The Highland County Board of Commissioners has agreed on a labor contract with the Highland County Sheriff’s Office, and the contract is set to be approved in coming weeks — with or without the signature of Sheriff Donnie Barrera, who refused to sign the document.
Highland County Commissioner Jeff Duncan said at the commissioners’ weekly meeting Wednesday that the county on Monday reached an agreement with the Fraternal Order of Police, the union that represents the sheriff’s office, on a two-year labor contract.
Duncan, who has taken the lead on union negotiations for the commissioners, said the contract is retroactive to January, and includes a two-percent raise for all sheriff’s office employees.
Barrera said Wednesday afternoon that he did not sign the contract. The sheriff declined to say why.
Duncan said the commissioners are “trying to resolve that issue.”
“We’re currently talking to him about that,” Duncan said. “We met with him… I think we’re making some headway there. I think we’re going to get that issue resolved.”
Duncan declined to comment on why Barrera refused to sign the document.
The commissioners met with Barrera and Highland County Auditor Bill Fawley in executive session Wednesday morning to discuss contracts. The board took no action afterward.
Whether or not Barrera signs the document, Duncan said the agreed contract “will be enforced,” since the sheriff’s signature is not required for the contract to take effect.
The contract is set to be ratified by the FOP on July 25 and signed by the commissioners on Aug. 1, Duncan said.
Duncan thanked those involved in negotiations for their professionalism and patience, and after Wednesday’s meeting, he thanked sheriff’s office staff “for the service they provide for the county.”
“Those guys out there don’t get enough recognition,” he told The Times-Gazette. “We recognize what they do as a great service for us.”
In other matters, the commissioners continue to see a substantial decline in sales tax revenue.
According to a spreadsheet created by Highland County Auditor Bill Fawley, the county so far this year has lost a total of $418,129 in permissive sales tax revenue. The drop is attributed to a federal law change prohibiting states, counties and transportation authorities from collecting sales tax on Medicaid-funded managed care organizations.
Fawley said sales tax revenue always experiences a dip in the last three months of the year, and he expects the same in 2018, leading to a “sizable shortfall” at the end of the year.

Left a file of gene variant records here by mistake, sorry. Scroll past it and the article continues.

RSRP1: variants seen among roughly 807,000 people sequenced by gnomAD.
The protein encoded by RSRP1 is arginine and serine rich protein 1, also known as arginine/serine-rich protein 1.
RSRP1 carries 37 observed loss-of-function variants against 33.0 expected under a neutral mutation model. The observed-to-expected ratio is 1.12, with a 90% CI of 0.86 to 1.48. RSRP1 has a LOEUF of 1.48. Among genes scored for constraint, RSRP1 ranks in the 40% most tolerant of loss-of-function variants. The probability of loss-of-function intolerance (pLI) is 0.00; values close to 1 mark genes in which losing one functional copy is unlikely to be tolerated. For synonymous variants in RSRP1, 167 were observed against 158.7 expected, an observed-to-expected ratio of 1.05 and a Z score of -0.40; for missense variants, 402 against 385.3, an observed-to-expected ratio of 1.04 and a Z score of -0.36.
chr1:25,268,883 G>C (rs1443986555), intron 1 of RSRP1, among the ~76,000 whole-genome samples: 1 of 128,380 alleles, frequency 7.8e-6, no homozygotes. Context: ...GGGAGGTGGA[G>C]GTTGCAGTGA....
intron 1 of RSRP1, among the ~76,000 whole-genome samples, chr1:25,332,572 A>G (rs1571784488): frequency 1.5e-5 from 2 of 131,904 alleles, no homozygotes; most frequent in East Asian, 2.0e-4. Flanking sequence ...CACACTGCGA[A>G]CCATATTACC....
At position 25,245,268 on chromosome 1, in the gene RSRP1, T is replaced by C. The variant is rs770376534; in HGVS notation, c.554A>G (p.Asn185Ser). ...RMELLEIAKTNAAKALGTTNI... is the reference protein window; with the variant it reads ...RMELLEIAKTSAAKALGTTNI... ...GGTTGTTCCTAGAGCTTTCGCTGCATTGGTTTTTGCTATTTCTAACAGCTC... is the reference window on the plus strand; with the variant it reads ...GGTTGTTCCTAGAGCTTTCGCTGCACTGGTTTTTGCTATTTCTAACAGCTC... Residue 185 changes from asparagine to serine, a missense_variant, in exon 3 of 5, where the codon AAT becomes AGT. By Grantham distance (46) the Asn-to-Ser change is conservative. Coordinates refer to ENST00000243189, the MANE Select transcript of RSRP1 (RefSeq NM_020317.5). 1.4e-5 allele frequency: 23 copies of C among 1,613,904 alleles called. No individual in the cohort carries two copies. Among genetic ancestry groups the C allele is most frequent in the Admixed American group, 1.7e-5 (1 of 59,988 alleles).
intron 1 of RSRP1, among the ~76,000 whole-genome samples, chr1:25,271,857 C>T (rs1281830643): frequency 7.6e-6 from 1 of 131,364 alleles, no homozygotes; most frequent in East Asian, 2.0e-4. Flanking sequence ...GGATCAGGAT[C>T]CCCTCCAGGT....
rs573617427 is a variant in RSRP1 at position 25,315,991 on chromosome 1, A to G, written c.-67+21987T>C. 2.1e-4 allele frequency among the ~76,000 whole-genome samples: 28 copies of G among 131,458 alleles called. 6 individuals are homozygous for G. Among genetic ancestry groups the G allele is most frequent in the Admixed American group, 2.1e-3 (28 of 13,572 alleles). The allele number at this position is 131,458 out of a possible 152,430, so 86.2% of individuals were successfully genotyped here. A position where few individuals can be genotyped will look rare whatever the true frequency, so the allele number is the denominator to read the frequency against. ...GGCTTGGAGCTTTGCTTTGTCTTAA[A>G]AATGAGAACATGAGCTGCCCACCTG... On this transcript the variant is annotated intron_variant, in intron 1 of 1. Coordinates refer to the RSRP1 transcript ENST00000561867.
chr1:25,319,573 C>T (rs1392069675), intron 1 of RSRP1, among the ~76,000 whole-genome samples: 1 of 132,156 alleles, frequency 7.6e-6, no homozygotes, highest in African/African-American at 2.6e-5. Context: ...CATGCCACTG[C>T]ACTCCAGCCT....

Duncan said commissioners will meet individually with county department heads to review budget requests for 2019 and take the appropriate action.
Commissioner Terry Britton said the ongoing expense of foster care in the county weighs heavily on county finances, and county officials have learned the cost of juvenile detention has increased.
Duncan said due to changes at the juvenile detention center whose services the county utilizes, there may be some relief from the detention cost soon.
Highland County Health Commissioner Jared Warner said the board of health has approved a 0.5-mill levy to be placed on the ballot in November. If approved, it will replace the board’s current levy, which was approved in 1989.
Warner said it’s “hard to run a modern health department” on the same level of funding as it received in 1989.
Warner said he would give commissioners more information next week.
Commissioner Gary Abernathy said the county will be in touch with Department of Justice officials in coming days to “see how much leeway we have” in revising the budget for an $844,000 federal economic development grant for the Rocky Fork Lake area.
Abernathy said such grants are often awarded to larger counties, leading federal officials to question staffing capabilities for administration of the grant here after it was initially awarded.
Abernathy said state Rep. Shane Wilkin, who took the lead on the grant as a county commissioner, will help with the process.
Duncan said construction crews will begin replacing the roof on the Highland County Courthouse on Aug. 3. During construction, which is expected to last one week, the front entrance to the courthouse will be closed, Duncan said. Those with business in the courthouse should enter through the door in the rear of the building.
Commissioner Terry Britton said Highland County Engineer Dean Otworth is communicating with AEP Ohio about the energy company leasing a county parking lot near the engineer’s office as a staging area for an extensive energy infrastructure project. Britton said the lease would be for two years, and would be issued by the commissioners.
The board also appointed Highland County Probation Department Director of Clinical Services Tonya Sturgill as the county representative on the Paint Valley Alcohol, Drug and Mental Health Board. Sturgill will replace Jeremy Ratcliffe, former probation department director.
The commissioners also approved routine financial resolutions and contracts.
Reach David Wright at 937-402-2570, or on Twitter @DavidWrighter.